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Evaluating the Impact of Uveitis on Visual Field Progression Using Large Scale Real-World Data

Liu, X., Kelly, S. R., Montesano, G. , Bryan, S. R., Barry, R. J., Keane, P. A., Denniston, A. K. & Crabb, D. P. ORCID: 0000-0001-8754-3902 (2019). Evaluating the Impact of Uveitis on Visual Field Progression Using Large Scale Real-World Data. American Journal of Ophthalmology, doi: 10.1016/j.ajo.2019.06.004


PURPOSE: To compare rates of visual field (VF) loss in uveitis patients with glaucoma against patients with primary open angle glaucoma (POAG) and explores the association between intraocular pressures (IOP) and rate of VF loss. Design; Retrospective cohort study. METHODS: Anonymized VFs and IOP measurements extracted from the EMR of 5 regionally different glaucoma clinics in England. A total of 205 eyes with diagnosis of "uveitis" plus "glaucoma" were compared with 4600 eyes with "POAG" only. Minimum inclusion criteria was ≥4 visits within a 4-year window. Relative risk (RR) of being a "rapid progressor" (mean deviation (MD) loss ≥1.5 dB/year) was calculated. A mixed-effects model (MEM) and a pointwise VF progression analysis of pattern deviation was used to confirm differences between the groups. Longitudinal IOP mean, range and variability were compared with rate of VF progression. RESULTS: Median (IQR) baseline MD in the uveitis and POAG groups was -3.8 (-8.7, -1.5) dB and -3.1 (-6.6, -1.2) dB respectively. The uveitis and POAG groups had 23/205 (11%) and 331/4600 (7%) "rapidly progressing" eyes respectively. Age-adjusted RR for "rapid progression" in uveitic versus POAG eyes was 1.9 (95% CI:1.8-2.0). The MEM confirmed that uveitic eyes (-0.49 dB/year) showed higher rates of VF progression than the POAG group (-0.37 dB/year; p<0.01). IOP range and variability were higher in the "rapidly progressing" uveitic eyes. CONCLUSIONS: Our analysis suggests that VF loss occurs faster in glaucoma patients with uveitis than those without uveitis. The risk of progressing rapidly in glaucoma with uveitis is almost double than in those without uveitis. Early identification of "rapid progressors" may enable targeted intervention to preserve visual function in this high-risk group.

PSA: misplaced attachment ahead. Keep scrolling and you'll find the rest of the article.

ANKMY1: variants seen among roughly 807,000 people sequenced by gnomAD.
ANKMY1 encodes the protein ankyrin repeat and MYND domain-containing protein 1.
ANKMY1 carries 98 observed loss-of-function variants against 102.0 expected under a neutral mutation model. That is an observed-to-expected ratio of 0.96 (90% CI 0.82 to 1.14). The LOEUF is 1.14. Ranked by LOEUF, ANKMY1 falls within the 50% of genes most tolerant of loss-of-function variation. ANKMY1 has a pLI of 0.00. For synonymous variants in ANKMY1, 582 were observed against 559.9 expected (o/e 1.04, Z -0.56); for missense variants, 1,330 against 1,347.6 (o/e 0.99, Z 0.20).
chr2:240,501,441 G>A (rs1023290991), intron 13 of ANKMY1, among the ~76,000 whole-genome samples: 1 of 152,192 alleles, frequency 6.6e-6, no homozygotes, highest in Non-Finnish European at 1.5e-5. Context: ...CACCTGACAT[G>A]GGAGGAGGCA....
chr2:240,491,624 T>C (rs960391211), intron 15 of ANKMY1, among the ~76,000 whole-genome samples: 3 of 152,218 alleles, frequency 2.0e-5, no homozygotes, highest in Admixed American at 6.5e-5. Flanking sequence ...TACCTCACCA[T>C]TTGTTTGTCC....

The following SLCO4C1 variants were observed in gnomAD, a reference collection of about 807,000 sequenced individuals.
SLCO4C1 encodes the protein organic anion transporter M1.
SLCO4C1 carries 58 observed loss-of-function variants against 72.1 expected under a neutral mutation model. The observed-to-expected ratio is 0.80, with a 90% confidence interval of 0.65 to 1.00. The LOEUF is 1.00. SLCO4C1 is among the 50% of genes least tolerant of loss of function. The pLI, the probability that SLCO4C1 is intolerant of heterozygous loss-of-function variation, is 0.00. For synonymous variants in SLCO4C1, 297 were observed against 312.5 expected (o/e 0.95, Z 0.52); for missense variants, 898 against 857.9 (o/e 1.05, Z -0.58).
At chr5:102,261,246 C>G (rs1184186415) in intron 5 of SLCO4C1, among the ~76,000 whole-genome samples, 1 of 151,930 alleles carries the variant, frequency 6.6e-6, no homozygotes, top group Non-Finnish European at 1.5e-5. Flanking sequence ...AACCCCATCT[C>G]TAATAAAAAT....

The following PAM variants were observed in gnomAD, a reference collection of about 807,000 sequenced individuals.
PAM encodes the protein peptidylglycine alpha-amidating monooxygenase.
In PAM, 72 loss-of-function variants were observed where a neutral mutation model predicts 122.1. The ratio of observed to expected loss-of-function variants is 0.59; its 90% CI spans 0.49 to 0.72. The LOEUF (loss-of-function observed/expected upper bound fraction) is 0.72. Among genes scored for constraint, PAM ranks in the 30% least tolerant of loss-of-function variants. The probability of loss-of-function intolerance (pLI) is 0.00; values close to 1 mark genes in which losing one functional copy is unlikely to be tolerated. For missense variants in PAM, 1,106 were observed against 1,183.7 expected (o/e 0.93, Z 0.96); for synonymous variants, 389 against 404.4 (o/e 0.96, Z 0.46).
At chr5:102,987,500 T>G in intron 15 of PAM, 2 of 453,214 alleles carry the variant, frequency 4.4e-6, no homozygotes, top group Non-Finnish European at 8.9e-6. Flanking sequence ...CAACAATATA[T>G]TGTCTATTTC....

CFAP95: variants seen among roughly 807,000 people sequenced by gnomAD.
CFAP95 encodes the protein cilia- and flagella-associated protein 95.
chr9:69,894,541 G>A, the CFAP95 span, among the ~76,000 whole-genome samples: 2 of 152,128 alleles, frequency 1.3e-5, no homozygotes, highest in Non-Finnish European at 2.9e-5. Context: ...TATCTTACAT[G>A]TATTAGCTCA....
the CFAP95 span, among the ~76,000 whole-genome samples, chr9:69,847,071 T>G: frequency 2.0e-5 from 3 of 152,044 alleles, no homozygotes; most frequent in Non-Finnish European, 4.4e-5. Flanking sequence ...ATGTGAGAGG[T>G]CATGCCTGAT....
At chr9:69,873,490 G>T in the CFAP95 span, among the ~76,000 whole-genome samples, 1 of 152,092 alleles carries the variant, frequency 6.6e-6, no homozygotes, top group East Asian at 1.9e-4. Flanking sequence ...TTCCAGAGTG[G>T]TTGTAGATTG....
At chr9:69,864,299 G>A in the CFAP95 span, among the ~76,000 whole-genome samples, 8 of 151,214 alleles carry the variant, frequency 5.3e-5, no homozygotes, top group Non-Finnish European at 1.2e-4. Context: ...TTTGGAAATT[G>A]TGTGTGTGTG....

Publication Type: Article
Additional Information: © 2019 The Author(s). Published byElsevier Inc. This is an open access article under theCC BY-NC-ND license (
Subjects: R Medicine > RE Ophthalmology
Departments: School of Health & Psychological Sciences > Optometry & Visual Sciences
Text - Published Version
Available under License Creative Commons Attribution Non-commercial No Derivatives.

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